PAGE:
A wildlife park in the U.K. welcomed a “surprise” litter of otter triplets. Giant otters are endangered and the Yorkshire Wildlife Park now has more giant otters than any other zoo or wildlife park in the world.
The triplets’ parents, Alexandra and Orimar, welcomed three other babies in February 2022.
Their new litter was born on March 27, the park announced on Tuesday. The babies are being monitored by the wildlife team and their mom, called Alex, is “very relaxed” and an experienced mother — it’s her third time giving birth.
The oldest sibling in the family, Bonita, has now taken over the role of looking after the triplets born last year while their mom looks after the new litter. “She will keep a careful eye on the pups as they start exploring. At the moment, they are mainly staying indoors,” Aquatics Team Leader Kelsie Wood said in a statement.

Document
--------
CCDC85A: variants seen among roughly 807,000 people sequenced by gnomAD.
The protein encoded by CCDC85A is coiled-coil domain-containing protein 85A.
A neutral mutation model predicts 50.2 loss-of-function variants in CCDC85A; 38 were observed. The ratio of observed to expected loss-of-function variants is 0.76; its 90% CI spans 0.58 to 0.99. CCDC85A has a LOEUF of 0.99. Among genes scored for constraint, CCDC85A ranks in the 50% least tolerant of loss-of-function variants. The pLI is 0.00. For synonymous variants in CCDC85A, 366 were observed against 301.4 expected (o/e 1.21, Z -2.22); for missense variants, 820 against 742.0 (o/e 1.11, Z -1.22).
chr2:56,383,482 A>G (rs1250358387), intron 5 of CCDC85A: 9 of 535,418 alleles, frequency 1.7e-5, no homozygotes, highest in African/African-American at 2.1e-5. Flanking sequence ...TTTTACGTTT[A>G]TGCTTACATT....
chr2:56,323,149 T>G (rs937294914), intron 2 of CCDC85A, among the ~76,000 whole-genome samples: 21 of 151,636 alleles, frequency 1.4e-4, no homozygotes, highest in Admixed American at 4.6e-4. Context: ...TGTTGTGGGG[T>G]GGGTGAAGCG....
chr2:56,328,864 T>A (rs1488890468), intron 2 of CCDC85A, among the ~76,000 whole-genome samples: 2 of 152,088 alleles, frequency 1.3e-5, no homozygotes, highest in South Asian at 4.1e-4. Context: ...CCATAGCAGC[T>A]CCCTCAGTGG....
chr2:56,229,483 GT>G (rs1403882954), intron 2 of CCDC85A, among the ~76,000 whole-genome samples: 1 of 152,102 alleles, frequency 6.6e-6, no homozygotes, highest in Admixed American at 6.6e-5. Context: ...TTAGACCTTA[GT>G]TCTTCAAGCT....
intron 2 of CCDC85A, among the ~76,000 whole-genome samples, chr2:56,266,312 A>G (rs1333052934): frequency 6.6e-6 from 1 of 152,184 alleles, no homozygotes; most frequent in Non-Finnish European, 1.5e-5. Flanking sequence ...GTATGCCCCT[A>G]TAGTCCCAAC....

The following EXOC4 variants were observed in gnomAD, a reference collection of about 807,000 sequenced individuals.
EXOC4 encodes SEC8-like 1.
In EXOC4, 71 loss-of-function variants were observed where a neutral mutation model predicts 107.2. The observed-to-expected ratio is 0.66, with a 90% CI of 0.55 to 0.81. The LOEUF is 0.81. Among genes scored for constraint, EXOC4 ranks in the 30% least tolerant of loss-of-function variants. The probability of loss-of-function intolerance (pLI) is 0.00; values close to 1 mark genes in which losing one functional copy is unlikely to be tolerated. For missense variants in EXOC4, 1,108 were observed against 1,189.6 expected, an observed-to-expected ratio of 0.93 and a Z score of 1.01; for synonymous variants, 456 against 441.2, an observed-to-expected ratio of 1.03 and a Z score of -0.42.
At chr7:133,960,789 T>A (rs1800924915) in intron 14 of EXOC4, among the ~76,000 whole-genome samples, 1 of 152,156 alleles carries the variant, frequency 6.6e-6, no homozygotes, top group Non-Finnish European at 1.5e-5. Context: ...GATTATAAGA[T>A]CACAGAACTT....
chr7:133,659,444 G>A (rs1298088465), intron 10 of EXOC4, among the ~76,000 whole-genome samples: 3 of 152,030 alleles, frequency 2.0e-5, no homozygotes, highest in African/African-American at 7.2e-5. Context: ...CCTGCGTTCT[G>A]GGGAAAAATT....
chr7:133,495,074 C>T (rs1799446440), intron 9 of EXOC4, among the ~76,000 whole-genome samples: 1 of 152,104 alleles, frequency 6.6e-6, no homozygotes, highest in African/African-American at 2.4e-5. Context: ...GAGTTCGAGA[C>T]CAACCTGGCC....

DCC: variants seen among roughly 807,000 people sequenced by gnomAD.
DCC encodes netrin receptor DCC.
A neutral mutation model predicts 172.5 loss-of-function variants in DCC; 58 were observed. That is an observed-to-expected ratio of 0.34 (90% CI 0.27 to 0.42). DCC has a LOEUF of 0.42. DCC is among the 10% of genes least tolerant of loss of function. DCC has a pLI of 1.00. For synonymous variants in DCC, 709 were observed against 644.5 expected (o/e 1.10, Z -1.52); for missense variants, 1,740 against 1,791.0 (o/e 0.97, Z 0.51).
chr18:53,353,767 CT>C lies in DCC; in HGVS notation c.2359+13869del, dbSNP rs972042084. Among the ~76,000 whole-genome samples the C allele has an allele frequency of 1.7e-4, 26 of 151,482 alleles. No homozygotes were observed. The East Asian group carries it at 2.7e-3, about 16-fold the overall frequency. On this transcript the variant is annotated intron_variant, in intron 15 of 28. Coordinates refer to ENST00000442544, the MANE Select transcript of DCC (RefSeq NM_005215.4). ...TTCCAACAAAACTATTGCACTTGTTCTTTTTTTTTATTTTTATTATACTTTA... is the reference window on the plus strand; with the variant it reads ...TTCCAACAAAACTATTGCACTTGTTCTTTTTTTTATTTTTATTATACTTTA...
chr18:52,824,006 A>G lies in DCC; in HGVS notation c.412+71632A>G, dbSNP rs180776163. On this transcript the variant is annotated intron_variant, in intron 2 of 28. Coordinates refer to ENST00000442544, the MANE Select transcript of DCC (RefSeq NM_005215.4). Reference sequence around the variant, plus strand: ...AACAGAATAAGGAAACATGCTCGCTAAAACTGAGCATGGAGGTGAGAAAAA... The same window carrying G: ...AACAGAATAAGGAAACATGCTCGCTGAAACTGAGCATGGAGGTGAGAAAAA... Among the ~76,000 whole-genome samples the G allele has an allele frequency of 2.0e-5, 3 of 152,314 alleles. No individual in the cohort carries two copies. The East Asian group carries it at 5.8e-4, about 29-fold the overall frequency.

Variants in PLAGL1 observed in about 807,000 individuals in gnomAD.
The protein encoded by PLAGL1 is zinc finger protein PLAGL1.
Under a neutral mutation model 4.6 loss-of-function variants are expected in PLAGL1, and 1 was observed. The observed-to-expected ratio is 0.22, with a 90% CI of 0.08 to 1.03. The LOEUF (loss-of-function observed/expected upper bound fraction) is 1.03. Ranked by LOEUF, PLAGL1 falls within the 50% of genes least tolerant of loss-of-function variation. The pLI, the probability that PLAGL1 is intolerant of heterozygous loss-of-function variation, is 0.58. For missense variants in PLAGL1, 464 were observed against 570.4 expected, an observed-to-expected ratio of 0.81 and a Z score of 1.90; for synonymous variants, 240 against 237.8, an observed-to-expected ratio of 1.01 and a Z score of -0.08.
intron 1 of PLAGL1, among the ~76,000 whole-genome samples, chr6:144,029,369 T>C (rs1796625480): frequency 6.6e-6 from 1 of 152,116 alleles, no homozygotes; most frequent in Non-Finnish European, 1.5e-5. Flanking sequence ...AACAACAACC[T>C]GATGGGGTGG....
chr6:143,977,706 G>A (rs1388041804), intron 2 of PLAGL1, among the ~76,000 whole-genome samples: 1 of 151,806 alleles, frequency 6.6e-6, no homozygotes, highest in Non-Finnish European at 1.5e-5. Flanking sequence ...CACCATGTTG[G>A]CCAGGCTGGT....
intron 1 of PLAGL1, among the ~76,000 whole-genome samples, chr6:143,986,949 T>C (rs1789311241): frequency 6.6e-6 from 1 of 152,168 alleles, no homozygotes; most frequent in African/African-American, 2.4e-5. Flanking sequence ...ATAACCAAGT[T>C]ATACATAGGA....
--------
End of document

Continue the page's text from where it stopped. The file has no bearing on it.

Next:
“Giant otters don’t always breed easily and every birth is a significant and valuable one for the breeding program,” Wood said.
The new litter is a “testament to our commitment to the conservation of endangered species, and we believe these pups will inspire our visitors to learn more about these incredible animals,” Wood continued.
There are en estimated 5,000 giant otters worldwide, according to the park. Poaching and threats to their environments caused their population to decrease and they were listed as endangered in 1990.
They are poached for their meat and fur, which is waterproof, and hunting of this species was banned in 1973, according to the U.K.’s WildLife Foundation.
They typically live in the Amazon rainforest and usually have three to eight members in their families. They have lost 80% of their habitat because of human interference and often have trouble finding food because humans also over-fish their favorite fish to eat.
The park aims to help conserve otters and other animals, and many of its more than 70 animal species are endangered. Both the park and WildLife Foundation have partnered with Instituto Araguaia in Brazil to study the otter population in the Amazon and make plans to help conserve it.
Thanks for reading CBS NEWS.
Create your free account or log in
for more features.